saddle, and Hnrneu, on tbe aborUit notloe and
ea raaaonabU term.. Re.ld.aee oa Loaaat itraat,
TlearHeH, Feb. 4, U74.
OLEN HOPE, PENN'A.
riMIK nad.r.ia-aed, bariag le.ald tbl. ao.
I modi .a. U.-lel, ia the ullage ef Blea Hep.
.. .... ......r.J ta aeeommotlala all wba ma;
oall. Mj table and bar .ball be .applied Wltb
the beat th. mataei nww
tae neei u.. go RUB W. D0TT8, Jr.
nlea Bope, Pa., Slarob 10, 1 BT-U.
THOMAS H. FORCEE,
Alan, elteaiira meaafaetarer and dealer la Sqaare
Timber and Bawed Lumber of all blade.
MT-Ordera aollelleii end all bill! promptly
R. U WINSLOW,
niYSJClAK A SURGE0X,
Tbe Dr. bariag reread loreted la Clearfeld.
offer, bl. arrrleee 10 Ibe people of Ihie rleiniij.
Mr- Ofloe on Reed .treat. Re.ldeaee UB
an bbalib ra
(Wtcb., Clocks and Jewelry,
AVaWe Atom, Jfae-M Jaraat,
All blodle of rawelriag la
; line prompt), l
Jaa. I.I, lata.
ClearHria Iniuranet .tfettey.
jaaaa aaaa. oAaaeLa a. aioaba.
KKItR ft Binnt.K, AftHtt,
Repreaael tae Mlowiag aad otber OreKlaa, Oe'l
Llrrrpool Loadoa A Olobe-O. I. Br..l.sal.l
Lrenmlag oa mataei oweo piaae...M
Pbaala, of Hartford, Coaa I.ijl 0
la.ar.Boa Co.ef Nortb America O.t.tl.OIe
Nortb Irilleb A Mereanllle-U S. Br. I,1I.M
Seolil.b Cemmerelel U. . Braaob.... 070.IU
Traeeler. (Life A Aeeldwl) 4,af,al
Offiea oa Market St., epp. On Hoaaa, Clear
1.14. Pa. 1f '
West End Drug Store,
15 OBAIIAM S ROW,
If wa, bel wara Meeaop. Bad Fleek'l
Tnl anderelgae baa eweaed ap a Drag Slera,
.b a fall eepplp . perteetle p; 1 and
I rub Drag., IfedMaea, Caeaamale aad TeaieJ
AneHaa. Taw. Urage k.e, beea aebmmel wlib
great eera and ara gaaraaleed te be pe"""'
pure aad rellabbj. I win grramepereea atlaa.
Ooa be Ibl. wwartaHae, ewd will aweeWallj gtea
aa, edeie aai lahtmallaa ta Wfare) aa edle.aa.
freeefabarge. OR. t. J. BOYKB.
OlaarOeid, Pa., ea. 1. 10 if. a
THB OLD SCHOOL BOOKS.
What plraun. uaaioriti clurtar round thaw vol
aioi old ind woro.
With oi'vorp lo.rrhad. and blDtjiogi oreaeed, and
pagei tfauiobtMl aad lota !
Tbeta ara ib hooki mm oaad ta ton, I and poor
When wo buji together, In Ibe .eheol-houM
on the bill.
Well r recall (be aigbu at hone, when aid by
tide we ial
Before ibe Ire, and o'er then book Indalged ia
And bow, aboa lather chtdrd for Idling Hue
Oar ejM bt to ibe taik aa though they'd sever
Tbe nlil-ilme proverbi eerlbbled here, 'be eanlion
"Steal not tbit book, ray booeat friend," aerewled
roubly here and there J
Tbe blura, tbe blnta, ibe luncheon apola, the nun-
berleta dug'a eera,
The fadoti a-uiea, tbe pletnree, and, alaa ! the
aiaiaa ul twn
All Uke nee beek la mind to daye when elondleaa
waa tbe ky.
Wbtn grief waa ao abort-lived I ami ltd before
( aij trara were Jry ;
Wa.cn next lo father' angry frown X fared the
awl at ed
That doomed me, treubling, to advance aod bow
beneath tbe rod.
llow bright thoae day I Our little care., ear
And eVn our palm, they vani.hed with a bant
of eoba and teara !
And every joy eru.td great euougb to balanoe
all oar mot ;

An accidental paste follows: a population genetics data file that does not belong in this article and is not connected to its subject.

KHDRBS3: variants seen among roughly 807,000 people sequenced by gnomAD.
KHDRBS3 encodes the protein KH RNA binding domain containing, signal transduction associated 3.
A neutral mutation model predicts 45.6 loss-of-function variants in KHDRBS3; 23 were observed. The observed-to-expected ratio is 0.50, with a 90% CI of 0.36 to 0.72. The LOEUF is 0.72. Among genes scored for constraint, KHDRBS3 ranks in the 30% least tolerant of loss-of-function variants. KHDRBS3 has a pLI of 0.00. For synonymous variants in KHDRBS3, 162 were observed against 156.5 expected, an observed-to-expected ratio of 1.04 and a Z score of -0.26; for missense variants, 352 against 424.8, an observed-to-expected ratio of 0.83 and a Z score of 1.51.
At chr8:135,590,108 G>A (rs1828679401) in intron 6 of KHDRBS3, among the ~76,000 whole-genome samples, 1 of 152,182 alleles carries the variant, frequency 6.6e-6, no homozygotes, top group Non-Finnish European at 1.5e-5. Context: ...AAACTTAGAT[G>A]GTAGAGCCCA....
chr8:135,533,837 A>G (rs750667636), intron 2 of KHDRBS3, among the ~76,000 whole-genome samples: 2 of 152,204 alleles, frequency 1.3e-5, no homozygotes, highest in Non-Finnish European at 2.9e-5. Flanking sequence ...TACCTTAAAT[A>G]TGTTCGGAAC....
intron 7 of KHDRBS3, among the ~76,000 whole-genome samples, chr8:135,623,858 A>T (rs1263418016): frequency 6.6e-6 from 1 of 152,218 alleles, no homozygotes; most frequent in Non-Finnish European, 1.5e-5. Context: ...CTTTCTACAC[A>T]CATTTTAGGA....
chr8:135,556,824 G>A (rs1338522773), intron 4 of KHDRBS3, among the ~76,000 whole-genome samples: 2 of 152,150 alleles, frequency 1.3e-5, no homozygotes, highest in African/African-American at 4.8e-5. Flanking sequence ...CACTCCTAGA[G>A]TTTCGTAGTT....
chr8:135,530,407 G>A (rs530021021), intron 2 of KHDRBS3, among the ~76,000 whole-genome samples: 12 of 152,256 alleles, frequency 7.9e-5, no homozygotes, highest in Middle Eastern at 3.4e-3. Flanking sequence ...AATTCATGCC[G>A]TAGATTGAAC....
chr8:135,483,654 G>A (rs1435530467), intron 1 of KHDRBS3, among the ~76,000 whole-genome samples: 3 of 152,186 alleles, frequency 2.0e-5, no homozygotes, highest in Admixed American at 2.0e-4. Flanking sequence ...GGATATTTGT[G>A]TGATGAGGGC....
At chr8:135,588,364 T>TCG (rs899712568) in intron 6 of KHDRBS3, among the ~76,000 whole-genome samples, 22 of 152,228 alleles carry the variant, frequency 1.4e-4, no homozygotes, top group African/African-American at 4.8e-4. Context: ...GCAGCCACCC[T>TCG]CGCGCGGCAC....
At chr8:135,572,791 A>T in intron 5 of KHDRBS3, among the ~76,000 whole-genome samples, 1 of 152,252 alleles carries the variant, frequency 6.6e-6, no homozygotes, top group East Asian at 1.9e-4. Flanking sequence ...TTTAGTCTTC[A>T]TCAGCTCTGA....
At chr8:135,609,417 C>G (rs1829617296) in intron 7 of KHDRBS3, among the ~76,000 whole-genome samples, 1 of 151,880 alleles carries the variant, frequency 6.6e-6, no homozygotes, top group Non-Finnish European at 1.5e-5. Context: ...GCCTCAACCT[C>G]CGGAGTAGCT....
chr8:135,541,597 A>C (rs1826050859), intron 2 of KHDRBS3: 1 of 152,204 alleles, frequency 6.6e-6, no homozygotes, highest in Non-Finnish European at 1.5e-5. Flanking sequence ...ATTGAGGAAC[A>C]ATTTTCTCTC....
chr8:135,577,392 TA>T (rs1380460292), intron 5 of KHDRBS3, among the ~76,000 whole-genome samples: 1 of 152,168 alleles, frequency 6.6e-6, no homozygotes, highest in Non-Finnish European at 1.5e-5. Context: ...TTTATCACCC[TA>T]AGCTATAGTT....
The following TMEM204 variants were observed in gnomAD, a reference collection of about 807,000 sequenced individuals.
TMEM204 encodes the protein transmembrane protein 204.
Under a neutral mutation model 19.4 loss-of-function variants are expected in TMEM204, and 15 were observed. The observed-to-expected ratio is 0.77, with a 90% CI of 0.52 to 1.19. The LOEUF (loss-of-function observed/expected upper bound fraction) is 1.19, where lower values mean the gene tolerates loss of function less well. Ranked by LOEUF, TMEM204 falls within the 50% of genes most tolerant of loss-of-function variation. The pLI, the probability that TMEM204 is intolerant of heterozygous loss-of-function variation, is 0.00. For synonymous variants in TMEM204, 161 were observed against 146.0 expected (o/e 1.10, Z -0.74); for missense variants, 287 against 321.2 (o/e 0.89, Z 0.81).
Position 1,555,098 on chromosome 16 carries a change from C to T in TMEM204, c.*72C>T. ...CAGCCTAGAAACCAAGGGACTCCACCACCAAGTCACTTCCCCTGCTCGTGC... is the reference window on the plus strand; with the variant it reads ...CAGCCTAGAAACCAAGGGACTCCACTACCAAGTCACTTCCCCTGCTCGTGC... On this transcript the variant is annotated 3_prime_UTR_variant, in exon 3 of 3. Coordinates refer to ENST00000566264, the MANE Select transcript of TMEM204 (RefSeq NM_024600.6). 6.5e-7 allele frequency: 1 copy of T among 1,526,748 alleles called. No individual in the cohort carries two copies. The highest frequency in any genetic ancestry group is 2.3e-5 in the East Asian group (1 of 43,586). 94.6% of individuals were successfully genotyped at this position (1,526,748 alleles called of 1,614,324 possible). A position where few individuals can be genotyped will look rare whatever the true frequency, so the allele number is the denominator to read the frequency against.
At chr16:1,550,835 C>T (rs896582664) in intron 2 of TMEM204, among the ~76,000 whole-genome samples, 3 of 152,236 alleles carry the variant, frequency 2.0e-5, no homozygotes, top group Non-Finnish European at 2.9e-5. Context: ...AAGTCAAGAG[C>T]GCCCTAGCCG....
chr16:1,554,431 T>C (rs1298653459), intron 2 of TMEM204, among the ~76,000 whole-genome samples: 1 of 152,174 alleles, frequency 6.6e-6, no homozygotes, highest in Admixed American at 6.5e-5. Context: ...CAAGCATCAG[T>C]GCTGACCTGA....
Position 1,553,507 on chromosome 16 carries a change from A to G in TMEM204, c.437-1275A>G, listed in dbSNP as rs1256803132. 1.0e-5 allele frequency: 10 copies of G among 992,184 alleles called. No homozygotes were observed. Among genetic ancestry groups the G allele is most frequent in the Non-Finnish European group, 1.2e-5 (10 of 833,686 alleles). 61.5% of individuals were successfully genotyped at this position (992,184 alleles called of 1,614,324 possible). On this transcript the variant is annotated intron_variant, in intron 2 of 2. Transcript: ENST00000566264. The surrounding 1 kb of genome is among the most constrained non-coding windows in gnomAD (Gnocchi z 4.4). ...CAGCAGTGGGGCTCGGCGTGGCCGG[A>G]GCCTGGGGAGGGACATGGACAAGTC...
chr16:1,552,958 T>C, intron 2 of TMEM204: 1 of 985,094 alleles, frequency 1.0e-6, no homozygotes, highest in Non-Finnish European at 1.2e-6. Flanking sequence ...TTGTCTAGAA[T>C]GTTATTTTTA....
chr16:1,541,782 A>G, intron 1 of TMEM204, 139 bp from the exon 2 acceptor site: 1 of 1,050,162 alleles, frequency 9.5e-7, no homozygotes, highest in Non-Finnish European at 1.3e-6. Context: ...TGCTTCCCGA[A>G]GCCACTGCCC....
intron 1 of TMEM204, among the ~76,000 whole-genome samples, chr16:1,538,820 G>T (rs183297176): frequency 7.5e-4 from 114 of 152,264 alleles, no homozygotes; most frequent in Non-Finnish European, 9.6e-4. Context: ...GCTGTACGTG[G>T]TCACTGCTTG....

Wbai piiy that wbeo griefa are real they eat)', be
The lobool-bouae rtanda In ruina Bow. the boy a
have .cat te red wile,
A few are old and gray like me, but nearly all
have died ;
And bruiber Will la oae of theaej Ma curly head
Down by ibe brook, at father! aide, beneath the
willow 'a ehade-
Tteee bo oka, ao quaint and queer to you, to me
are living tntuci t
Eect baa iu atory ul tbe pant, and each a tntaaage
Wberie'ur I ait at eventide, and turn their pfa
They aeem te apeak in tonee that thrilled my
heart In daya of yore. Tae Ttoeker.
TJOS. JEFFERSON AXD ALEX
AX J) EH HAMILTON.
Principles nro eternal, panics bored
ilury. 'J be IU miiiituiic orgauir-ittiun
(if,.lo-ciuv, lire onlliane) slroriir, wan
loumled by Tbomas Jelleraou ; Ibe He
publican party ol to-day is Ibe Federal
party, loundud by Alexander Humil-
ion. deneral lluncocK wan cducalea
n Ibe party of JtfleranD: Gen. Gar
field in Ibo parly ol llannlloii, and in
bisppcecb in New York, during bin
visit, Aueuhl bib, to ibat eity, be pro-
cluiined bin lull beliet in Ibe doctrines
ol llamillon, and made hint bio ideal
dlattsinan. I gave Gen. Garfield's own
careful words :
That student, soldier, statesman,
and great leader ol'thoilgbt, Alexander
llamillon, ol JSetv lurk, maue tins re
publio glorious by his tbinking, and
lelt bis lastinrr impress upon Jew
York, tbe loremont Slate of tbe Union;
and bere on tbis island, the scene ot
bis early triumphs, we gather to-night,
soldiers ol the new war, representing
iho same ideas 01 nmon and glory, and
adding to the column ol the monument
that Hamilton and Washington end
the heroes of the Revolution reared."
Spoken before the election, we road
these words now, in the light of tbe
result of tbal election, only to realise
Iheir double significance, as we von
Irani the character of Alexander llam
illon with that ol Thomas JefTerrjon.
Never were tho methods of Hamilton
more completely in accord with tho
character and examples of the success
ful candidate on tbe xu ol November,
18H0; and the tribute ol Garfield 10
llamillon was only tbe echo ol 11am-
ilton's own dream of a splendid gov
i-rnment. Garfield was chosen by
money "only." There is no fact more
patent tban that II the sentiment 01
tbe nation bad been left towotkits
way Hancoc k would now be President
elect. Tbo character of Alexander
Hamilton, so carefully indorsed in ad
vanco of the election by the Republi